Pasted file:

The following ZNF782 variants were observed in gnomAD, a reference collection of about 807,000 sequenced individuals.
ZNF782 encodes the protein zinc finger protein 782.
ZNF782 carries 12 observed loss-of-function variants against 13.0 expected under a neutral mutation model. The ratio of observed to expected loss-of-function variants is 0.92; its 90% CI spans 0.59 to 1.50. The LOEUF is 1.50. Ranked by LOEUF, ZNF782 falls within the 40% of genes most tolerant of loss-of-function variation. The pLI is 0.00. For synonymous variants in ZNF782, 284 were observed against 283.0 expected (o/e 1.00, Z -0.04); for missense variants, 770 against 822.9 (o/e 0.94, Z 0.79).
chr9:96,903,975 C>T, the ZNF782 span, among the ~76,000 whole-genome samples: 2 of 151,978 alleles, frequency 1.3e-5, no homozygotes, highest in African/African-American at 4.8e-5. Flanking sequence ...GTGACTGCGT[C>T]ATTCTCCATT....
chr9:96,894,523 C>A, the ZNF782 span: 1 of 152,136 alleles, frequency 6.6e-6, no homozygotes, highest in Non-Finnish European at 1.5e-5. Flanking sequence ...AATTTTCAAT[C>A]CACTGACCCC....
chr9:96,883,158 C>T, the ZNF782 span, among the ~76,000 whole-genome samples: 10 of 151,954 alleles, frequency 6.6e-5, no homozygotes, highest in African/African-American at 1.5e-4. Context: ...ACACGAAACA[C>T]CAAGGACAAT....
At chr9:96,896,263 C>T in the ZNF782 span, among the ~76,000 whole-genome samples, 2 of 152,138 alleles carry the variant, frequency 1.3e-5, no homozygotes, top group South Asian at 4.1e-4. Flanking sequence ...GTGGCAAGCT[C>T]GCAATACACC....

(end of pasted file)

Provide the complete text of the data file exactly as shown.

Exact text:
The following ZNF782 variants were observed in gnomAD, a reference collection of about 807,000 sequenced individuals.
ZNF782 encodes the protein zinc finger protein 782.
ZNF782 carries 12 observed loss-of-function variants against 13.0 expected under a neutral mutation model. The ratio of observed to expected loss-of-function variants is 0.92; its 90% CI spans 0.59 to 1.50. The LOEUF is 1.50. Ranked by LOEUF, ZNF782 falls within the 40% of genes most tolerant of loss-of-function variation. The pLI is 0.00. For synonymous variants in ZNF782, 284 were observed against 283.0 expected (o/e 1.00, Z -0.04); for missense variants, 770 against 822.9 (o/e 0.94, Z 0.79).
chr9:96,903,975 C>T, the ZNF782 span, among the ~76,000 whole-genome samples: 2 of 151,978 alleles, frequency 1.3e-5, no homozygotes, highest in African/African-American at 4.8e-5. Flanking sequence ...GTGACTGCGT[C>T]ATTCTCCATT....
chr9:96,894,523 C>A, the ZNF782 span: 1 of 152,136 alleles, frequency 6.6e-6, no homozygotes, highest in Non-Finnish European at 1.5e-5. Flanking sequence ...AATTTTCAAT[C>A]CACTGACCCC....
chr9:96,883,158 C>T, the ZNF782 span, among the ~76,000 whole-genome samples: 10 of 151,954 alleles, frequency 6.6e-5, no homozygotes, highest in African/African-American at 1.5e-4. Context: ...ACACGAAACA[C>T]CAAGGACAAT....
At chr9:96,896,263 C>T in the ZNF782 span, among the ~76,000 whole-genome samples, 2 of 152,138 alleles carry the variant, frequency 1.3e-5, no homozygotes, top group South Asian at 4.1e-4. Flanking sequence ...GTGGCAAGCT[C>T]GCAATACACC....